The Henry A. Chapin House, photo c. 1972
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Chapin, Henry A., House
508 East Main Street (US-31), NE corner of 5th Street, Niles - Berrien County
Other Names Niles City Hall / Fort St. Joseph Museum
Property Type brick house
Historic Use DOMESTIC
Current Use GOVERNMENT
Style Late Victorian
Queen Anne
Architect/Builder Clay and Wheelock
Significant Person Henry A. Chapin
Narrative Description The red brick, two-story-plus-attic, Queen Anne style, Henry A. Chapin House stands on a four-foot thick foundation of Bedford blue stone finished with a granite water table coping. The structure consists of a squarish main section, capped by a lofty hip roof, and a lower, hip-roofed, rear wing, but this basic form is all but invisible beneath a profusion of projecting and recessed porches, semi-hexagonal bay window units, a turreted round corner tower, and four gables poking through the roof planes. Window sills, lintels, and belt courses in both stories are of granite. Although the original slate roof has been replaced with asphalt shingles, the metal crestings remain. Exterior detailing includes a dentil-band cornice, panels of herringbone, checkerwork, and lozenge-pattern brickwork, and lathe-turned posts and beams in the front porch and window trim. Gables are treated with sunburst-pattern inserts and paneled and rosette-decorated vergeboards. A two-story, red brick carriage house with an irregular, steep-sided roof broken by numerous, bargeboard-trimmed gables is also on the property.
Statement of Significance The Henry A. Chapin House is a landmark in the history of the Queen Anne style and the home of one of Niles' most prominent businessmen in the late nineteenth century. The residence was constructed for Henry A. Chapin based on designs by Wheelock and Clay of Chicago between 1882 and 1884. It is, thus far, the only documented Michigan example of the firm's work. Henry Chapin owned land in the Upper Peninsula on which the lucrative Chapin Mine was located. With the royalties from the mine property, Chapin became an investor in local real estate and industry. The Henry A. Chapin House currently houses the Niles City Hall while the carriage house is home to the Fort St. Joseph Museum.
Marker Name The Chapin House / Henry Austin Chapin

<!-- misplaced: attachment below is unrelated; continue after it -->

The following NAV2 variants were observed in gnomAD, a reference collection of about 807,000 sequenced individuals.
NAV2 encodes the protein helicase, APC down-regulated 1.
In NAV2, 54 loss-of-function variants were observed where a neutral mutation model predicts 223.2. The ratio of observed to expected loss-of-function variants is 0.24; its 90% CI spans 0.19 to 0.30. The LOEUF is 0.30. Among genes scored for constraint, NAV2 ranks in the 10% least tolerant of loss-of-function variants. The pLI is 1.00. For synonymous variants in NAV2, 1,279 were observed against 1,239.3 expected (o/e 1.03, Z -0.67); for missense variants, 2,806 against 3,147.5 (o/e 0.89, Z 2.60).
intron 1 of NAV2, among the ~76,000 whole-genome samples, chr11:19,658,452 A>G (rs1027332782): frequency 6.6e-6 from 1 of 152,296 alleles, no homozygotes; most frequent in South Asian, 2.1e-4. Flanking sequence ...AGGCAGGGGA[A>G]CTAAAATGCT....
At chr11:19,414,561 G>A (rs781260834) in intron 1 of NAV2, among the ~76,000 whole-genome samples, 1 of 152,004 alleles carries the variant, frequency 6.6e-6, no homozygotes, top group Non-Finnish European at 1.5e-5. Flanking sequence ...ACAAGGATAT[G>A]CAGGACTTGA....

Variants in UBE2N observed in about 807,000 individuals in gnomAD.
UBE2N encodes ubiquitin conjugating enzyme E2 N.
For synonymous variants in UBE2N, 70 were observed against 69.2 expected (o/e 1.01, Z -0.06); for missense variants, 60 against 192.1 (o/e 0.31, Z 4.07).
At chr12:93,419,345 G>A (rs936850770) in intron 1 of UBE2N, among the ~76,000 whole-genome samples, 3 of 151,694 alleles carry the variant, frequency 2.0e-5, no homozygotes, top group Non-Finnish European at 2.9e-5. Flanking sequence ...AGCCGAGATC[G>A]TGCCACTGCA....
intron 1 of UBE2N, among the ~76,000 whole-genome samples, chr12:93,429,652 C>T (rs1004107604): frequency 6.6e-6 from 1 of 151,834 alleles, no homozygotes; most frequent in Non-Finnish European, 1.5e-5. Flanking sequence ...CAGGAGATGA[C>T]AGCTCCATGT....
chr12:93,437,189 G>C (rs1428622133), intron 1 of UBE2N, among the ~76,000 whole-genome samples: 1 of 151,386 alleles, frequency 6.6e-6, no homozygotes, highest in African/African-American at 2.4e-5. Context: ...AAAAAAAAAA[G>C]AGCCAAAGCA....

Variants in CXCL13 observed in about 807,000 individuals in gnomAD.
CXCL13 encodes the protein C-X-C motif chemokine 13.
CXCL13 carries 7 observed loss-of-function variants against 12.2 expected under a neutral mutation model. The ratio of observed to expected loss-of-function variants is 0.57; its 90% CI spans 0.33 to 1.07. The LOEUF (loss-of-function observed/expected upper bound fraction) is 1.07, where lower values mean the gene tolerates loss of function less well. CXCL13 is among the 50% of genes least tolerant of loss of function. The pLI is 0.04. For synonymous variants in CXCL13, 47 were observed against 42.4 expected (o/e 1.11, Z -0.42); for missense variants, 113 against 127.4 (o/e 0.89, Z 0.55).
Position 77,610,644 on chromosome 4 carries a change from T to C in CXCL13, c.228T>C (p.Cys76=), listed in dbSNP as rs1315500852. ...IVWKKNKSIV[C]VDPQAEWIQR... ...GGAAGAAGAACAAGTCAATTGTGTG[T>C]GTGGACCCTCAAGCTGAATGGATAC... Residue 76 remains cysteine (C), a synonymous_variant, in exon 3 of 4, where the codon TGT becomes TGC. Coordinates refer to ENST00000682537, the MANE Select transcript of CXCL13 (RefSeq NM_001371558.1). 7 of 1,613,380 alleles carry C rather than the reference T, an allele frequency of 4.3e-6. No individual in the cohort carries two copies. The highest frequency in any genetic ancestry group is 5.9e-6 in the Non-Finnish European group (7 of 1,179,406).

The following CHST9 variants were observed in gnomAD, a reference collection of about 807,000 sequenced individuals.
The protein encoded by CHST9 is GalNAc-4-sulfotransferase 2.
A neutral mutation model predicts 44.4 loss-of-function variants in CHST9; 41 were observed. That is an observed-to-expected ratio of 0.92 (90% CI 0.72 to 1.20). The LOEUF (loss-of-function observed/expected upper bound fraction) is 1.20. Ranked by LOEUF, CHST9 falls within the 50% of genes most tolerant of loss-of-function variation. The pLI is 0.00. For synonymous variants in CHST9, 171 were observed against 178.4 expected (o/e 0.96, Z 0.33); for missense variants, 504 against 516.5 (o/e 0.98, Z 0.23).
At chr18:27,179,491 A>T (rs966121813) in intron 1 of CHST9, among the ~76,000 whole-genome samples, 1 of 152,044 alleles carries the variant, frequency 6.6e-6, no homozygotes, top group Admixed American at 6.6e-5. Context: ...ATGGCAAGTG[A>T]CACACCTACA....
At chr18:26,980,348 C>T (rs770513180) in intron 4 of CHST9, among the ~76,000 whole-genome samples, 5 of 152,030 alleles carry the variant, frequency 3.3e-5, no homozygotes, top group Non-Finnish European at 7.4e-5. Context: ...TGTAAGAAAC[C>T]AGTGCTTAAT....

Marker Text THE CHAPIN HOUSE This Queen Anne-style house, completed in 1884, was the Henry A. Chapin family home until 1902. In 1932, when the city of Niles bought the property at auction for $300, the Chapin grandchildren stipulated that it be used only for civic purposes. Now serving as the Niles City Hall, the house is built of local brick and terra cotta tile. The interior is ornamented with leaded glass windows and transoms, handcarved woodwork, and stenciled ceilings. In 1939 the Works Progress Administration joined the carriage house to another outbuilding, thus creating the Fort St. Joseph Museum structure. The museum holds over 10,000 items, including Fort St. Joseph and Potawatomi Indian artifacts, local memorabilia, and a collection of original drawings by Chief Sitting Bull. HENRY AUSTIN CHAPIN Henry A. Chapin (1813-1898) spent most of his early life in Ohio. He married Ruby N. Nooney in 1836 and settled in Edwardsburg, Michigan. In 1846, Chapin and S. S. Griffin opened the first general store in Niles. With his son Charles, Henry A. later established an insurance and loan agency. Their firm had interests in nearby paper mills and electric companies and real estate in Alabama, Illinois and Michigan. The bulk of the family capital came from the discovery of iron ore in Michigan's Upper Peninsula. The Chapin Mine, near Iron Mountain, began operations in 1879. "Mr. H. A.," as he was known, received up to $300,000 yearly in royalties from the mine. Owing to the Great Depression, the Chapin Mine closed in 1934, after fifty-five years of continuous production.
Period of Significance 1866-1900
Significant Date(s) 1881-2
Registry Type(s) 10/20/1978 Marker erected
07/30/1981 National Register listed
11/03/1976 State Register listed
Site ID# P22612